Lothian Bus thugs: Police charge 38 people over attacks in Edinburgh
A police sting operation - targeting antisocial behaviour and violence towards Lothian Buses drivers - has resulted in 38 children and young people being charged with offences.
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Police Scotland’s ‘Operation Proust’ has identified 127 incidents relating to the abuse of Lothian Buses drivers and vehicles, and has been seeking to crackdown on a wave of vandalism and violence which has seen bricks thrown through bus windows.
In March, antisocial behaviour escalated to the point Lothians Buses had to suspend services after 7.30pm.
Now, Police Scotland has revealed 38 children and young people have been charged in relation to the attacks.
Buses across the city were targeted by yobs hurling stones, bricks and bottles at windows as they passed by. In one incident a driver suffered an eye injury caused by his windscreen being smashed.
In a report outlining the operation, Chief Inspector Sarah Taylor, the North-West Edinburgh Area Commander, writes: “Operation Proust was launched in response to an identified rise in youth related anti-social behaviour and disorder incidents aimed towards Edinburgh transport providers, most notably, Lothian Buses across Edinburgh.
“These incidents impacted all aspects of our local communities, not just drivers and passengers but also the wider public through service disruption and the withdrawal of services from key routes on a number of evenings in March and April.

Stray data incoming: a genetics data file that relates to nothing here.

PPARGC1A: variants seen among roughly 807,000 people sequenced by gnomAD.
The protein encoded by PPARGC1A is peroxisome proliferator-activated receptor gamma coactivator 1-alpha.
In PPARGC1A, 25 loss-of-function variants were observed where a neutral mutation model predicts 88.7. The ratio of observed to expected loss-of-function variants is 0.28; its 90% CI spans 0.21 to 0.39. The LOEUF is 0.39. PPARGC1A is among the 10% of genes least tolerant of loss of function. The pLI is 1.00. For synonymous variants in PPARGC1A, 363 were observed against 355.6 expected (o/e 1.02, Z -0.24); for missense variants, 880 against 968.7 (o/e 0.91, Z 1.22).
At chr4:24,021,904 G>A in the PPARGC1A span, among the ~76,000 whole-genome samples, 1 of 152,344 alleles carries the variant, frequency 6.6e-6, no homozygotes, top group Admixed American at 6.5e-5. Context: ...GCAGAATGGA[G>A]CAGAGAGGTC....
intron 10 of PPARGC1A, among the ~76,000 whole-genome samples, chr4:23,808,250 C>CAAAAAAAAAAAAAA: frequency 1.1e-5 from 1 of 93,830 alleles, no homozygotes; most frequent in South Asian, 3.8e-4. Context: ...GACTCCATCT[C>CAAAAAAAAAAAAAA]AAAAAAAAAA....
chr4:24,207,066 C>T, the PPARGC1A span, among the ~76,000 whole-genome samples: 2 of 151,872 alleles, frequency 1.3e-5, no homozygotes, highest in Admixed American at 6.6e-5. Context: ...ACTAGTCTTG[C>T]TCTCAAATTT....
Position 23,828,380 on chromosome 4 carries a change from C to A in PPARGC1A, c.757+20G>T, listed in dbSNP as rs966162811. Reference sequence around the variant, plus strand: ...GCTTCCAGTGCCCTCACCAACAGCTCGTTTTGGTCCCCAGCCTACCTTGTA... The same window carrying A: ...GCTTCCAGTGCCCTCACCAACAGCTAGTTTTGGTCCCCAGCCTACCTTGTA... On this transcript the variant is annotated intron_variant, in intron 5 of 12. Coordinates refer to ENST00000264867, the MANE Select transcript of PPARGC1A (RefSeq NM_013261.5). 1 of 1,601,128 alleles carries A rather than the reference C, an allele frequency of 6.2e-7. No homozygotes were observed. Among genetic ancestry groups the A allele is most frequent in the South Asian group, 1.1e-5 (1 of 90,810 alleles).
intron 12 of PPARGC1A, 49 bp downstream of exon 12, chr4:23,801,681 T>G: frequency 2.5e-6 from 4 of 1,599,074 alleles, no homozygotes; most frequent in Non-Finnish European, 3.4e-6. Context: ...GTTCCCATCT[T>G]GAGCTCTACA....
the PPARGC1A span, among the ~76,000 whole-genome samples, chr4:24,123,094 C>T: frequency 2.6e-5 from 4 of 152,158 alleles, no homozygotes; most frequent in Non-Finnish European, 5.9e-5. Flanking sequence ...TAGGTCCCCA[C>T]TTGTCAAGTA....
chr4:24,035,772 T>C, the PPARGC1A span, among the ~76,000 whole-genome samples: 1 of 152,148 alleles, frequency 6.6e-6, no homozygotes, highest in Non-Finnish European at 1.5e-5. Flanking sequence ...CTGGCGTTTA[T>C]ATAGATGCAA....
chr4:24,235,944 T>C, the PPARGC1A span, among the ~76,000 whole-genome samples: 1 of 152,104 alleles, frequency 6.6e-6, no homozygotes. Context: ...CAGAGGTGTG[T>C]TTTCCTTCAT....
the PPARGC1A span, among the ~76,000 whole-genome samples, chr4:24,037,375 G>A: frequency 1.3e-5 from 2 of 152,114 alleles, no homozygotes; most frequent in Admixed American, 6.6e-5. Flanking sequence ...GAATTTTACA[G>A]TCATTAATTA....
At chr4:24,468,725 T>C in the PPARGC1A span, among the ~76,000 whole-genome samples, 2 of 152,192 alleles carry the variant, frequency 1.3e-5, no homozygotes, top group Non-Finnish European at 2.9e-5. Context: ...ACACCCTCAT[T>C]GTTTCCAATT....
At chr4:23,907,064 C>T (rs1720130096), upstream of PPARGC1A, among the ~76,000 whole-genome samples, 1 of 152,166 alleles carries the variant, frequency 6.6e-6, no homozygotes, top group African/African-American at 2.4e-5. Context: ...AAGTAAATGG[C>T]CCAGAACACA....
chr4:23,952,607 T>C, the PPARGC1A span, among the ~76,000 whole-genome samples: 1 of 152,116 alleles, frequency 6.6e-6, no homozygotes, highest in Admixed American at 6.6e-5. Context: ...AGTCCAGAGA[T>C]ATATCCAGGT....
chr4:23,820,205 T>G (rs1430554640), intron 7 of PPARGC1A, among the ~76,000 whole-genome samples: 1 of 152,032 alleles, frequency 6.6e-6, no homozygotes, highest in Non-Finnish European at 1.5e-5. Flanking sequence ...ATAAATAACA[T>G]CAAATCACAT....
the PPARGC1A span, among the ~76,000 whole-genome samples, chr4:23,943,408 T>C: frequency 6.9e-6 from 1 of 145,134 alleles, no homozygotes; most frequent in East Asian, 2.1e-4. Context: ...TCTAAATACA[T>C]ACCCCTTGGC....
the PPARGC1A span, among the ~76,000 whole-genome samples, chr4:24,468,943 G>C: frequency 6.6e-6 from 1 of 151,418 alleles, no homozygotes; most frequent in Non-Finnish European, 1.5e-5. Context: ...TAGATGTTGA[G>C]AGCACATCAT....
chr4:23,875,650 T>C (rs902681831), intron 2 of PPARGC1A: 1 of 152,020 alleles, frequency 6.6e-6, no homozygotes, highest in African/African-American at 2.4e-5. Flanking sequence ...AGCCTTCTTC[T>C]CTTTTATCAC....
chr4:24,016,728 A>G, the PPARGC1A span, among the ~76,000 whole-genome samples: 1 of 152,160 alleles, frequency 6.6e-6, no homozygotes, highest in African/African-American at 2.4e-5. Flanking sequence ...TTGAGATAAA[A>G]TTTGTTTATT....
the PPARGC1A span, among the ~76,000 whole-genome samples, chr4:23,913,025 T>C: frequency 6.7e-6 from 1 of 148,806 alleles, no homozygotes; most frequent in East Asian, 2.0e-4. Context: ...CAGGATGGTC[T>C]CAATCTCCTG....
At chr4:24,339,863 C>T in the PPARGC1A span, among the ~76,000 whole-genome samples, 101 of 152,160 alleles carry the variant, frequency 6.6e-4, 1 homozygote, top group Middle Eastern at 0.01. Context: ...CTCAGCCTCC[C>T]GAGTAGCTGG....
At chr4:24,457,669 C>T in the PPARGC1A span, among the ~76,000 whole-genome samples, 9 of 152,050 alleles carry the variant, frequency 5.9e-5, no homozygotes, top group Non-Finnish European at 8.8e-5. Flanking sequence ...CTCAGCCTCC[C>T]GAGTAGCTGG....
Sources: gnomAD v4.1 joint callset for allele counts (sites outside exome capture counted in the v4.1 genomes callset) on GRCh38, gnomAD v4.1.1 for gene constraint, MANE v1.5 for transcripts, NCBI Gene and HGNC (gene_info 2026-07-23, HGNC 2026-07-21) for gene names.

“The criminality involved included objects being thrown at buses while in transit, young people holding onto the rear of buses whilst the vehicle was in motion and interference with engine compartments whilst vehicles were stationary.
“Over the six week period of the operation, 127 incidents relating to Proust were investigated and 38 children and young people were charged with a variety of offences.”
The operation involved officers patrolling on buses, in vehicles, and on foot in areas affected, and last week Police Scotland revealed it had been deploying a decoy bus in Midlothian to try and catch vandals in the act.
The report continues: “The operation had two key aims, namely the co-ordinated investigation of incidents, ensuring a consistency in approach across the city, and to achieve a long term change in behaviour through prevention and early intervention activity.
“This latter aim was the cornerstone of Operation Proust, and activities delivered included the following: presentation of educational inputs to S1- S3 pupils at 24 schools across Edinburgh by Lothian Buses and police; creation of diversionary workshops as part of the restorative justice process which will see young people attend at Lothian Bus Depots in a planned programme of events to educate and change behaviours; engagement with youth service providers to embed prevention and diversionary activities relating to transport anti-social behaviour in future work; and the completion of environmental audits in known hot spot areas across the city with commitment to undertake recommendations from Community Improvement Partnerships.
“To assist in the delivery of a more strategic approach to these issues, a city wide Community Improvement Partnership was established in April.
“In the four week period since the operation concluded, recorded incidents have fallen by 80 per cent.”